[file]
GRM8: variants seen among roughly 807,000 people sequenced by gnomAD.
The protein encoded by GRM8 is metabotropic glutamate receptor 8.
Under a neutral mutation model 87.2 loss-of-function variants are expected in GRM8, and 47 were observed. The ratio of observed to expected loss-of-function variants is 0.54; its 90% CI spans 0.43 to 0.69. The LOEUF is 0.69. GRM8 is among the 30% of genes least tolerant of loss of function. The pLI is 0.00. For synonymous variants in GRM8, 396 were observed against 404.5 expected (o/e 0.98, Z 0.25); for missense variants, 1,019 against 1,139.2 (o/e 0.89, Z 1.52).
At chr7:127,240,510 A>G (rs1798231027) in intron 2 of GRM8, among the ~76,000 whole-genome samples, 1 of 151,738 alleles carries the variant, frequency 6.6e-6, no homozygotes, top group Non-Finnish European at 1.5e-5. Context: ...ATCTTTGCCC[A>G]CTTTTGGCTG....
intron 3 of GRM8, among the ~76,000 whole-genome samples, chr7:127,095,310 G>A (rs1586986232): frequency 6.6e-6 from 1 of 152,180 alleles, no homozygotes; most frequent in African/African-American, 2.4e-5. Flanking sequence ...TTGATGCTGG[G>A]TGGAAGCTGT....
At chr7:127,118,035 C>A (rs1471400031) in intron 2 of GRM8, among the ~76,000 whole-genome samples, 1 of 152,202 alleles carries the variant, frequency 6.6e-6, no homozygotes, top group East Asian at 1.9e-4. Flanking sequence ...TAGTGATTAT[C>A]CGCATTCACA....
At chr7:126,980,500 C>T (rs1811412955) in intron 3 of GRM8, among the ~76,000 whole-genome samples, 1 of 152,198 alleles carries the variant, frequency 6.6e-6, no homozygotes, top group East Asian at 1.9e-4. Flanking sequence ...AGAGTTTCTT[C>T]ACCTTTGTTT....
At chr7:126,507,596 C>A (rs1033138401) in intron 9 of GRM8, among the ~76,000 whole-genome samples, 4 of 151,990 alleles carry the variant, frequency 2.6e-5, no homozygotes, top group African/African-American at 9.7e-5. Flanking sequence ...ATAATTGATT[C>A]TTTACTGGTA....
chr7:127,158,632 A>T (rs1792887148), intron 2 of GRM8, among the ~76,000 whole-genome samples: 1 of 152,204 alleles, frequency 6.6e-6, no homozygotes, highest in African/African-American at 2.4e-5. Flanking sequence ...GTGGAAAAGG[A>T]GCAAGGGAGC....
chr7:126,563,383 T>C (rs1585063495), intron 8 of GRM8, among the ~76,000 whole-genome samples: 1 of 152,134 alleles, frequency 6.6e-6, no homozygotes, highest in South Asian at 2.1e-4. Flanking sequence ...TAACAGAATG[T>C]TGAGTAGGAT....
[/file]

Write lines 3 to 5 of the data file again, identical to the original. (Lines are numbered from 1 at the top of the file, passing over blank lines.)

Under a neutral mutation model 87.2 loss-of-function variants are expected in GRM8, and 47 were observed. The ratio of observed to expected loss-of-function variants is 0.54; its 90% CI spans 0.43 to 0.69. The LOEUF is 0.69. GRM8 is among the 30% of genes least tolerant of loss of function. The pLI is 0.00. For synonymous variants in GRM8, 396 were observed against 404.5 expected (o/e 0.98, Z 0.25); for missense variants, 1,019 against 1,139.2 (o/e 0.89, Z 1.52).
At chr7:127,240,510 A>G (rs1798231027) in intron 2 of GRM8, among the ~76,000 whole-genome samples, 1 of 151,738 alleles carries the variant, frequency 6.6e-6, no homozygotes, top group Non-Finnish European at 1.5e-5. Context: ...ATCTTTGCCC[A>G]CTTTTGGCTG....
intron 3 of GRM8, among the ~76,000 whole-genome samples, chr7:127,095,310 G>A (rs1586986232): frequency 6.6e-6 from 1 of 152,180 alleles, no homozygotes; most frequent in African/African-American, 2.4e-5. Flanking sequence ...TTGATGCTGG[G>A]TGGAAGCTGT....